(for a complete list of commission officers, please click here) Banking Finance & Capital Markets Law Gerard Correig, President Corporate Acquisition & Joint Ventures Jérôme Vermeylen, Vice-President Corporate Counsel Maks Prokop, President Bjørn Krog Andersen, Vice-President Intellectual Property, Technology, Media and Telecommunication Olivier Sasserath, President Arpad Gered, Vice-President Technology Ave Piik, Vice-President Telecom International arbitration Pascale Gola, President Hagit Elul, Vice-President International Business Law Frank Boyle, President Milena Prisco, Vice-President Labour Law Andreas White, President Jan-Ove Becker, Vice-President Emiliano Ganzarolli, Vice-President Real Estate Law Carolijn Kuipers, Vice-President Skills, Career, Innovation, Leadership and Learning (SCILL) Henrietta Mason, Vice-President Transport Law Niels J. Friborg, President Scott Pilkington, Vice-President Javier Zabala, Vice-President You can see here the official communication by the Secretary General
Annual Congress 2014 - Press release
04 September 2014
Last week more than 550 international lawyers coming from 55 different countries visited Prague and took part in the AIJA Annual Congress 2014.
Over 5 days with more than 50 hours of training and lectures and a number of social events held in the most prestigious locations of the Czech Republic Capital made this another Break-The-Record event, with the highest participation at AIJA Congresses since 2008.
Congress participants appreciate the diversification of working sessions offered, addressing all areas of international law practice, as well as the possibility to network in a friendly environment with global business partners.
At the AIJA General Assembly, convened in Prague on 30 August, Dirk Nuyts became the new President of the International Association of Young Lawyers. Nuyts, Partner at Fragomen Global LLP , is a Belgian lawyer based in Zurich, where he assists Swiss and multinational corporate clients and HNWI’s with all aspects of their immigration needs. After a long career within AIJA, including being National Representative for Belgium and Secretary General of the Association, Dirk is now leading AIJA for the upcoming year.
“With an increasing number of young, motivated and talented members all around the world, AIJA is today an institution for the international legal community. Our membership is strong and our events are an outstanding platform for career-building lawyers’ personal and professional development. Our passion for the rule of law must be the lighthouse leading our actions and protection of human rights. If there is one profession in the world that consists of people who have the privilege and the talent to speak out loud about anomalies in the respect of every human being, it is the profession of lawyer”.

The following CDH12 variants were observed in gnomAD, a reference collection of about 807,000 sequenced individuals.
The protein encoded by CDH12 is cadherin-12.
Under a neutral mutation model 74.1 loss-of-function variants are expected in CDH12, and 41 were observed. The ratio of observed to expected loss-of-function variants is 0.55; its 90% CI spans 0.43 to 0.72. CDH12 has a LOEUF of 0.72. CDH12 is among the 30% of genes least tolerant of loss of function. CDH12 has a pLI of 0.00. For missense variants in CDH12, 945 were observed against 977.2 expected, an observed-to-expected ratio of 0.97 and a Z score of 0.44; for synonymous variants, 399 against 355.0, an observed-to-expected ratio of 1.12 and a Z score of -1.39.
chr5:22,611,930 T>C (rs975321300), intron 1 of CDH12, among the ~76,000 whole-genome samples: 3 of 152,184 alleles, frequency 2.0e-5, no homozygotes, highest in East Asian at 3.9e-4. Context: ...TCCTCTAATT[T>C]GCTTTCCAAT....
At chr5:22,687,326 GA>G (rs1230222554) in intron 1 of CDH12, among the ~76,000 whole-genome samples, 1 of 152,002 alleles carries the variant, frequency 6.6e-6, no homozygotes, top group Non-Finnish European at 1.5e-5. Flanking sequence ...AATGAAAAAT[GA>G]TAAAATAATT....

Open officers positions at AIJA. Apply now!
21 May 2014
Like every year, the Annual Congress is also the opportunity for AIJA members to take a step forward.
A number of National Representatives, Contact Persons and Commission officers will be stepping down, be it because of the end of their three-year term, be it for other reasons.
This is a great chance for you to shine, to increase your visibility within the AIJA network and beyond. Become an AIJA ambassador, commit more and boost your personal and professional development.
Have a look at the calls here below and find out the open positions. You have time until 9th June to apply.
If you are interested and need further information on the roles involved and responsibilities, you can have a look at the handbooks below.
- Handbook for National Representatives, Contact Persons and Regional Representatives
- Handbook for Commissions officers
AIJA Association Manager on global press
15 May 2014
Giuseppe Marletta, AIJA Association Manager, is on the press and talks about his career and AIJA events. Great interest for our association and all the many talents we are proud to have with us.
28 March 2014
Dear readers, dear AIJA Friends,
Already six months passed since I faced my first challenge as President of AIJA, namely to impeccably pronounce the names of all officers at the first Executive Committee meeting I chaired at the end of a memorable Annual Congress of AIJA in Buenos Aires. Half time! Let me share some insights on what the Bureau, our staff in Brussels and I have working on since then.
You may remember that, within the framework of the present Strategic Plan of the Bureau of AIJA, my work plan and, hence, the efforts of AIJA leadership and staff during “my” year, focus on (i) membership development, among others, by making our wonderful Association and the opportunities it offers better known to the "young youngs", (ii) AIJA’s profile in professional advocacy by supporting our Human Rights Committee it its activities and (iii) high quality services for our members. We have all put a lot off efforts in achieving these goals as well as other tasks.